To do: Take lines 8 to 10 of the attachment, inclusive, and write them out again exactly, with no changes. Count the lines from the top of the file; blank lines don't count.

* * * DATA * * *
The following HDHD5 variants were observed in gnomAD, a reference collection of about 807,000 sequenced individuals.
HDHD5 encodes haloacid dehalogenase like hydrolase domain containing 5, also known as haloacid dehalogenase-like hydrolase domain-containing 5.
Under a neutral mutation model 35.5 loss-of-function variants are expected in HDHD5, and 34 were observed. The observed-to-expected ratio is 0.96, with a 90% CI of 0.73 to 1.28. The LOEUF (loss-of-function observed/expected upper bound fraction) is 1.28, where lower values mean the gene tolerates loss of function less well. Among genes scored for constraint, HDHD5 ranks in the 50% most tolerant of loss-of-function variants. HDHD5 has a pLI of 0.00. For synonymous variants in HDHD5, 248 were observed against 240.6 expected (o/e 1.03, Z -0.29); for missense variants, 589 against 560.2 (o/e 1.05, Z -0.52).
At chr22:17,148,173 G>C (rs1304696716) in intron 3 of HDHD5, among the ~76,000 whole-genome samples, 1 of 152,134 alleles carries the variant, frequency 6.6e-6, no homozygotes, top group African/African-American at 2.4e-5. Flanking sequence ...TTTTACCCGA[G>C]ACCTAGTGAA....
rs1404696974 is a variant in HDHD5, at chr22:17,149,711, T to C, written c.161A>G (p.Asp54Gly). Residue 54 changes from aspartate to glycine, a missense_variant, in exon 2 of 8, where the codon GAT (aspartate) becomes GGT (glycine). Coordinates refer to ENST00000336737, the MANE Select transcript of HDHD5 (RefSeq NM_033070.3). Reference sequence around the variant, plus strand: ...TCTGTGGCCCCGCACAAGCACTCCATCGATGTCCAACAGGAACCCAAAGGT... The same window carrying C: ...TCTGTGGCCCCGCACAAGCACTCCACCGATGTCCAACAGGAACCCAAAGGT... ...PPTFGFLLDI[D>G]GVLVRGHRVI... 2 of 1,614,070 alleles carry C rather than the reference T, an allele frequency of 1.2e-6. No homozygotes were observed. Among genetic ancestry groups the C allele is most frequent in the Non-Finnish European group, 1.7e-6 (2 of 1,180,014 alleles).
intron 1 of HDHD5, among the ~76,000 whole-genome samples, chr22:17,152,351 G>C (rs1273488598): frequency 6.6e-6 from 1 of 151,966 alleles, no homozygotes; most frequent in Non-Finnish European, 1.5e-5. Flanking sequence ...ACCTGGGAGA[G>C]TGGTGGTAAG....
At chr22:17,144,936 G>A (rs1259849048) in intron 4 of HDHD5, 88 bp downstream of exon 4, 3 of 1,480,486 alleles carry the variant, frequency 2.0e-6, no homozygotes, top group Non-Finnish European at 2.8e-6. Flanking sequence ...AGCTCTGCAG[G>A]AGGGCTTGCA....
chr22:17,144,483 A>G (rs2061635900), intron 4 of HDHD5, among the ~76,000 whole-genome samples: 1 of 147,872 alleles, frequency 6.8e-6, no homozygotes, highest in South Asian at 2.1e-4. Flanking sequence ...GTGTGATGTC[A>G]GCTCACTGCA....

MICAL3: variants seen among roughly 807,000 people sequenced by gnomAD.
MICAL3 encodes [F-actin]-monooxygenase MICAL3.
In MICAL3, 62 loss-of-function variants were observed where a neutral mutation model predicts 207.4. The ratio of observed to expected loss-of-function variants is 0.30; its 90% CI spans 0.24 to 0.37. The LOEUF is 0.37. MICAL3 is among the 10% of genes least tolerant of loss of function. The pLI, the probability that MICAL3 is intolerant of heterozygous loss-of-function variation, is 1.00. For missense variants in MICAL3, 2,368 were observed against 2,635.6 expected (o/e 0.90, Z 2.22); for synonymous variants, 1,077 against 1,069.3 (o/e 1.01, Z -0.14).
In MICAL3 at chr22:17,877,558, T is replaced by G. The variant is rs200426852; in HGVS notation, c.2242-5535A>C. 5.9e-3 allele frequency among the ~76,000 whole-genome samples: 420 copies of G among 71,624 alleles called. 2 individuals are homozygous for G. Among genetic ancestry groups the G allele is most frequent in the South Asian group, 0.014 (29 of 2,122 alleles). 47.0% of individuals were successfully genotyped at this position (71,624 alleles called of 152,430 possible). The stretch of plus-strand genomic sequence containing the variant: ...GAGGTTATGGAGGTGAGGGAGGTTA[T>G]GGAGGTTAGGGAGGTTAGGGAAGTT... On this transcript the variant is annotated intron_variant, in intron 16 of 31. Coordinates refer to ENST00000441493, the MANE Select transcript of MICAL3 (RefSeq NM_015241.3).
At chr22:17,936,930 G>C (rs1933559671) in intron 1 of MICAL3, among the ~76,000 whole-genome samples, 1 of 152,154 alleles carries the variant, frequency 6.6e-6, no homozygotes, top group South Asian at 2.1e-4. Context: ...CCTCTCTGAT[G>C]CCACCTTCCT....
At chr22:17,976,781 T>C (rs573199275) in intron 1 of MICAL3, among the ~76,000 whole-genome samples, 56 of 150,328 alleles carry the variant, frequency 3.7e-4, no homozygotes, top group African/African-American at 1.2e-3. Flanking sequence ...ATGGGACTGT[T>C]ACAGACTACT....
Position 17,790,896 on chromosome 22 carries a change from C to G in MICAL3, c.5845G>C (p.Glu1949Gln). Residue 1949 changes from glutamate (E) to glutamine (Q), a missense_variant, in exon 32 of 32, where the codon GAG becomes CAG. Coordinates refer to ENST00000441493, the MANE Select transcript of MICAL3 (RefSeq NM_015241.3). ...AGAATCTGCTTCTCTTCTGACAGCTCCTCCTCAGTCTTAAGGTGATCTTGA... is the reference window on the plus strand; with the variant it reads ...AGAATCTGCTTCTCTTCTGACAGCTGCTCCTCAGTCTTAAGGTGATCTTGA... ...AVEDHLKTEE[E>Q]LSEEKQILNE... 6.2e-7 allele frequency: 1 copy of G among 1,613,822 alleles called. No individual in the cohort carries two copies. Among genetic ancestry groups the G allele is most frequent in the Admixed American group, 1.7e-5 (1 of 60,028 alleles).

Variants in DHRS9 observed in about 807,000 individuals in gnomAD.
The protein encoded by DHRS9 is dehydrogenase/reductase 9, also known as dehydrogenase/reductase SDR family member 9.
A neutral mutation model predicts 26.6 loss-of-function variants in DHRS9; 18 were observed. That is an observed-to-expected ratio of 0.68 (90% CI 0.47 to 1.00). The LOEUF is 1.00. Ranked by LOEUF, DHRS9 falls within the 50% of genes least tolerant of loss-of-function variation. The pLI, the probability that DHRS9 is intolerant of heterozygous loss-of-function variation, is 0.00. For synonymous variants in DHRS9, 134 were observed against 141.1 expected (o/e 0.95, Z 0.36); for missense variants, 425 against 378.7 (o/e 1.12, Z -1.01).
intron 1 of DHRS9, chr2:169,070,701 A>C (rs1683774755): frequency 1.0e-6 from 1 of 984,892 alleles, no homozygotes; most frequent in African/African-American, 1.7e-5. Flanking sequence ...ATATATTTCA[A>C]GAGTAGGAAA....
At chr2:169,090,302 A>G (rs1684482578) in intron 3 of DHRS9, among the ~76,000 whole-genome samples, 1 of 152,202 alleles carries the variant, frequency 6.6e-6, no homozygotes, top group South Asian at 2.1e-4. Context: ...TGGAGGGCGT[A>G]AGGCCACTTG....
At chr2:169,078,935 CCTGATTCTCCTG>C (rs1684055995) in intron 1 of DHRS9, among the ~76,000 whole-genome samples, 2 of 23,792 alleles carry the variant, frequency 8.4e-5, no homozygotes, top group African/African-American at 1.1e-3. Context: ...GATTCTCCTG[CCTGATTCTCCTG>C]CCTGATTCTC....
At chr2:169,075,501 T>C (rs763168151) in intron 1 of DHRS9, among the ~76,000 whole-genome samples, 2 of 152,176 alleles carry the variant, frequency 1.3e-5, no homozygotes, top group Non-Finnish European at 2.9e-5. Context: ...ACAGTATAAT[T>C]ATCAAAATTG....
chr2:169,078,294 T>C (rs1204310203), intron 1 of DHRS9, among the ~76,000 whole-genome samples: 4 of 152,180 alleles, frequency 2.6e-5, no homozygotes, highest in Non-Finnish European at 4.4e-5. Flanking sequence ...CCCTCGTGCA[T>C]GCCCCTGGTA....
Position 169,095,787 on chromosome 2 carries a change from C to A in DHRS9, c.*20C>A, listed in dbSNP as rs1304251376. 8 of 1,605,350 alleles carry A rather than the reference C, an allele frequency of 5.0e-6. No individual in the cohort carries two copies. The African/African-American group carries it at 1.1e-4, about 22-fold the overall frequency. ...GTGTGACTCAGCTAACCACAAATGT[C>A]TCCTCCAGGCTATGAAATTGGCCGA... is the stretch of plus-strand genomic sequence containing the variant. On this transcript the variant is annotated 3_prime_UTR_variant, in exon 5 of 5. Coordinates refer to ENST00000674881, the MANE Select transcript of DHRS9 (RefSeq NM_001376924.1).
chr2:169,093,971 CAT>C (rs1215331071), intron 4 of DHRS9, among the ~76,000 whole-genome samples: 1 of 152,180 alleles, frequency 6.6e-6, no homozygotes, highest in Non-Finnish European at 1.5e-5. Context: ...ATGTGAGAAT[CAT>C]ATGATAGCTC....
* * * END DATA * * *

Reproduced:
chr22:17,144,483 A>G (rs2061635900), intron 4 of HDHD5, among the ~76,000 whole-genome samples: 1 of 147,872 alleles, frequency 6.8e-6, no homozygotes, highest in South Asian at 2.1e-4. Flanking sequence ...GTGTGATGTC[A>G]GCTCACTGCA....

MICAL3: variants seen among roughly 807,000 people sequenced by gnomAD.
MICAL3 encodes [F-actin]-monooxygenase MICAL3.